baby abalone braised with sea cucumber, greens

This was an example of how bigger is not always better. This was no rubbery, bland piece of abalone the size of a hockey puck. The abalone was indeed a "baby," no bigger than the size of a petite madeleine, which perhaps is why it was so tender and why the flavors from the braising had penetrated it so well. The same went for the sea cucumber. Usually I'm not a fan, but this preparation was so flavorful, I actually enjoyed it gelatinous texture. Two bites into the dish I stole a glance at my brother's plate, wondering if I could steal a piece of his abalone of his plate. Sadly, by the time I looked over, his piece was already gone.

slow braised pork trotters, peanuts, lotus root

By this point, I was getting full, but I can NEVER say no to pig's feet, and neither can my dad, who couldn't go three consecutive bites of this version before praising, yet again, how well cooked it was. I would've done the same but I was too busy eating. The peanuts which usually accompany a white braised version of pig's feet were also very pleasant here--adding not only a textural contrast, but also a nutty flavor. The braised lotus root served a similar function.

seafood stir-fried with thin rice noodles, sweet basil leaf

This went into a little plastic container, which then went into a little bag that said "to go"...

three dim-sum in a basket

Though I skipped the previous course, I couldn't resist the little bamboo steamer of dim sum. The entire thing was still steaming when it was set down in front of me. Of course I had to eat it. The sui mai and the har gow were both very well done, but my favorite was the one with the green wrapper. I don't know it's name in English, but the green color comes from a kind of dried grass that gives it a slightly herbal flavor. So good and such a good way to end the savory courses.

cream of mango with sago pearls, pomelo, lime sorbet
fresh fruits

Dessert was a little disappointing for me though the fruit was beautifully cut. The cold mango "soup" tasted fresh though a little bland. The only criticism I have of this restaurant is that it's dessert offerings could really use some help. I know it's typical of a Chinese restaurant, but if you can do everything else so well, why not put a little more effort into the desserts? I think how a meal ends is very important.

So, while the food is definitely Cantonese in style, there were also welcomed aspects of creativity that slightly strayed from the traditional. Rather than serving all the dishes family-style, the servers would portion out the large dishes onto individual plates for us. Thus the Lazy Susan in the middle of the table was rendered rather useless, but if you ask me, I preferred this western-style of serving. This way, everyone gets an equal amount, and I don't have to eye that last piece of duck meat, wondering if it would be impolite of me to dart out my chopsticks for it. I would recommend this Chinese restaurant over the ones at the top of Taipei 101 any day. Though you may not be dining as high up in the atmosphere, the view is stunning enough and the food is beyond comparison.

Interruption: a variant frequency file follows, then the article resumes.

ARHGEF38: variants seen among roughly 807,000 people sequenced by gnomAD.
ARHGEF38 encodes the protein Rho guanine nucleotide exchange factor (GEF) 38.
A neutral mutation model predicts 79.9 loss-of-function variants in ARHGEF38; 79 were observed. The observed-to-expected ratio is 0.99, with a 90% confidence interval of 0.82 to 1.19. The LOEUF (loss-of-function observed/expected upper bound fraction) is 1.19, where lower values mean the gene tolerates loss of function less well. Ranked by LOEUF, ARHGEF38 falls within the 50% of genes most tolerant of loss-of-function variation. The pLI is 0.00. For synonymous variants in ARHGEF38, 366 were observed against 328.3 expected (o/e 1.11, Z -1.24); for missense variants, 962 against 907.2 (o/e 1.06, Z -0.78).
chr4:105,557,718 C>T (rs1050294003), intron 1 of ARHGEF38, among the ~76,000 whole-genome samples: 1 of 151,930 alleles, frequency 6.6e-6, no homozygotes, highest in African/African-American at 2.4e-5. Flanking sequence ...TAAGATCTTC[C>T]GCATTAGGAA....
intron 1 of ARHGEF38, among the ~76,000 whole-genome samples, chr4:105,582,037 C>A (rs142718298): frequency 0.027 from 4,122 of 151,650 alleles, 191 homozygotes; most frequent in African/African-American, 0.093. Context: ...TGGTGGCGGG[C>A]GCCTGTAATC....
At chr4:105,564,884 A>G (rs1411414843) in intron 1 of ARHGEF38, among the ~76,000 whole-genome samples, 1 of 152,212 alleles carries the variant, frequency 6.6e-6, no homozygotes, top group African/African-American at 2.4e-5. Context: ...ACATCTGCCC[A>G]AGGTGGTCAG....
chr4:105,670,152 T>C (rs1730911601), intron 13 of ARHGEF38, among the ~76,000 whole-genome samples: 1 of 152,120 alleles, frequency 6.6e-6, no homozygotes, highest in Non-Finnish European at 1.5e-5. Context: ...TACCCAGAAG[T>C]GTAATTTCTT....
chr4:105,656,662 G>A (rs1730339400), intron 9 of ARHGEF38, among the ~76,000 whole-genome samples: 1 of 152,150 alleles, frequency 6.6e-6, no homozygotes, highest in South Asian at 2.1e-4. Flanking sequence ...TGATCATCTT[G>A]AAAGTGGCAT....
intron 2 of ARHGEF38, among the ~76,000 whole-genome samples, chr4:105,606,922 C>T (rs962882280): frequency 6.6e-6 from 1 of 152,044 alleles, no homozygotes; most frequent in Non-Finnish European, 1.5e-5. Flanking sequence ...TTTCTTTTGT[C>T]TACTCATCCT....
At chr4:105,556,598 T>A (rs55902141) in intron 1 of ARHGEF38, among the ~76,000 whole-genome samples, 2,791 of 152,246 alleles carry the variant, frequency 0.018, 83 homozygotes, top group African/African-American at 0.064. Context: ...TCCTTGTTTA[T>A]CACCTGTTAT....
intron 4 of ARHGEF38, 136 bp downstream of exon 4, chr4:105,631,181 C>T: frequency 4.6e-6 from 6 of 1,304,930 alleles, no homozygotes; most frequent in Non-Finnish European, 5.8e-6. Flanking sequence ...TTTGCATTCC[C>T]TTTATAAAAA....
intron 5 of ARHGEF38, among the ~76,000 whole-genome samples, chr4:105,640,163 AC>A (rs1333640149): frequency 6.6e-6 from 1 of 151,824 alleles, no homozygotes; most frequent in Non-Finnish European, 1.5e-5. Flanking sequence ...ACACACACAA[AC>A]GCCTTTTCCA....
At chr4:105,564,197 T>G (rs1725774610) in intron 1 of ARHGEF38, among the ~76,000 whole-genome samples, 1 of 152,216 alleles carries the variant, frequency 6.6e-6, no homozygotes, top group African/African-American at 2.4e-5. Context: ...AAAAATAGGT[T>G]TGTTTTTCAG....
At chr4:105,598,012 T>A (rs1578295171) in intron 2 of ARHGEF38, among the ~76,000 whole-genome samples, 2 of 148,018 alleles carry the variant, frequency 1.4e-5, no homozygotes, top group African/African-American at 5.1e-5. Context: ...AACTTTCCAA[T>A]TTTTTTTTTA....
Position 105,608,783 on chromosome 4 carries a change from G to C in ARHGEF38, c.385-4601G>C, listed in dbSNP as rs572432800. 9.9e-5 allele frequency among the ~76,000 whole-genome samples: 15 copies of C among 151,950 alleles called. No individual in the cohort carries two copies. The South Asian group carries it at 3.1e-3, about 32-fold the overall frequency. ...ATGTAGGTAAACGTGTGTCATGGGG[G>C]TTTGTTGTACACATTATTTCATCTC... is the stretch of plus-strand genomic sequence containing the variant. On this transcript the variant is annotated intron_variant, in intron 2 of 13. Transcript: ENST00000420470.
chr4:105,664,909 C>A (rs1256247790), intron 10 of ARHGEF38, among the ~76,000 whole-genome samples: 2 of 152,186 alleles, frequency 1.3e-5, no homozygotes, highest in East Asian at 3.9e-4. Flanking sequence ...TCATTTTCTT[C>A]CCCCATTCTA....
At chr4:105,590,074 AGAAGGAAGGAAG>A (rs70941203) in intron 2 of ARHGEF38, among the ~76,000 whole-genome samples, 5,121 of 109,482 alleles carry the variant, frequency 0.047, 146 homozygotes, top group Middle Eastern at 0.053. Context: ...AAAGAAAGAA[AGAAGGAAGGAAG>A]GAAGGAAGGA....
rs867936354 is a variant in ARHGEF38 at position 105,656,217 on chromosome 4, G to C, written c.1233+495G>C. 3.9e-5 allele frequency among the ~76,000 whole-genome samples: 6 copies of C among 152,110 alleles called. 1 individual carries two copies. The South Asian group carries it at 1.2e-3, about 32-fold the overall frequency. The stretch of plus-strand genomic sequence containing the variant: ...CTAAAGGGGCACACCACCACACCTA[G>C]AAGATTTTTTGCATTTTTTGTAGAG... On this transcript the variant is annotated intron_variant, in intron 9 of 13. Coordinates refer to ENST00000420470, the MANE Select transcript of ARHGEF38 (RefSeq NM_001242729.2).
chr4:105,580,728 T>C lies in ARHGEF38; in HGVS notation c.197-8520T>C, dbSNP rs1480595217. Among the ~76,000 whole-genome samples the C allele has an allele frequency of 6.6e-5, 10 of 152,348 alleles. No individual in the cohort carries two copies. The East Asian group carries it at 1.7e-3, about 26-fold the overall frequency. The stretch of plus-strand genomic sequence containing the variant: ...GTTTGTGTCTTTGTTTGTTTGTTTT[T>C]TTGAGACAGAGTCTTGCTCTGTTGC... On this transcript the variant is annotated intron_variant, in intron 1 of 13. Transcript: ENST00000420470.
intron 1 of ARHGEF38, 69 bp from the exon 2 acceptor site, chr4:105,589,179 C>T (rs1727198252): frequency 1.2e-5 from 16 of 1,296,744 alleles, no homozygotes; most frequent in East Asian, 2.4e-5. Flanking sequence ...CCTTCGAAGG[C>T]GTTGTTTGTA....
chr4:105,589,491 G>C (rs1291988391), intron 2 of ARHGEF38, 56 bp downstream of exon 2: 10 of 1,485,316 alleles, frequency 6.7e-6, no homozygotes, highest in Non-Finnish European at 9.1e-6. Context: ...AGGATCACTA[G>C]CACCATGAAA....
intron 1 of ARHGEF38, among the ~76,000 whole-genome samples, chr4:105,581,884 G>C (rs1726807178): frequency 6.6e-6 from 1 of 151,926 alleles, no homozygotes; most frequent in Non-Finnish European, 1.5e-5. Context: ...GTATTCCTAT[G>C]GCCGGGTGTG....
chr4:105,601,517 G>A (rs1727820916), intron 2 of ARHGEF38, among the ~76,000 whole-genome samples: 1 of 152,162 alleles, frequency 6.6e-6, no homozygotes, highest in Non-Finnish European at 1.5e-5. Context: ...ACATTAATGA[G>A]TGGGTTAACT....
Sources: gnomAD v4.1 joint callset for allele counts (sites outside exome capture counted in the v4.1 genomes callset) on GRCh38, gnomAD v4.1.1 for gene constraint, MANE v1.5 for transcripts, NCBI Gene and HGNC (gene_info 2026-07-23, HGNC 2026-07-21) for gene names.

P.S. I have to say, this meal also put the dinner menu at Lung King Heen to shame in terms of just overall taste...

Sunday, July 24, 2011

Tenkaippin Ramen

After a disappointing bowl of ramen for lunch today in Taipei, I couldn't help but start reminiscing about the ramen my mom and I recently had in Hawaii. An unassuming little hole-in-the-wall shop on Kapahulu Ave. (which seems to be Honolulu's food mecca), Tenkaippin Ramen served me not only the most interesting bowl of ramen I've ever had, but also the most interesting (?) eating experience. Let me elaborate.

But first, a little parking story. With only a small lot behind Tenkaippin to accommodate the entire strip of restaurants and shops, coming by a parking spot during the day seemed liked a game of luck with the most unattractive probabilities. We circled through the one-way lot multiple times, each time with a car backing out just in time for the car behind us to pull in. Then we spotted a Jack in the Box across the street with only a few cars in its lot but numerous signs that said parking was for customers only. We pulled into a spot and considered just parking at Jack in the Box until we noticed a guy wearing dark sunglasses standing on the street corner, observing the lot, making sure no one who wasn't eating potato wedges dared to leave their car there. Hunger-induced paranoia? I think so.

We ended up parking in Tenkaippin's lot anyways after waiting across the street for a spot to open up. When we left the restaurant, the guy wearing sunglasses was gone. He was most likely just waiting for the bus.

Tenkaippin Ramen
617 Kapahulu Ave
Honolulu, HI 96815
tel: 808-732-1211
dining date: 7/9/11

photo 1
Now, the interesting bowl of ramen. Tenkaippin is a Japanese ramen chain with over 200 restaurants but only one location outside of Japan. They're known for their kotteri broth--a thick, slowly-cooked, collagen-rich chicken broth that they boast to be not only hearty, but also healthy. This broth is seriously so thick, I wouldn't be surprised if it contains collagen to plump up anyone's skin and smooth out those wrinkles. No, maybe not, but it's tasty enough that it doesn't need to replace cosmetic surgery to prove itself. The unique broth combined with perfectly QQ/al dente ramen noodles of the straighter nature (not the curly sort) made for the most interesting bowl of ramen I've ever had. To give a comparison, the concentrated chicken flavor, along with the thickness of the broth, reminded us of the broth in shark fin soup.

photo 2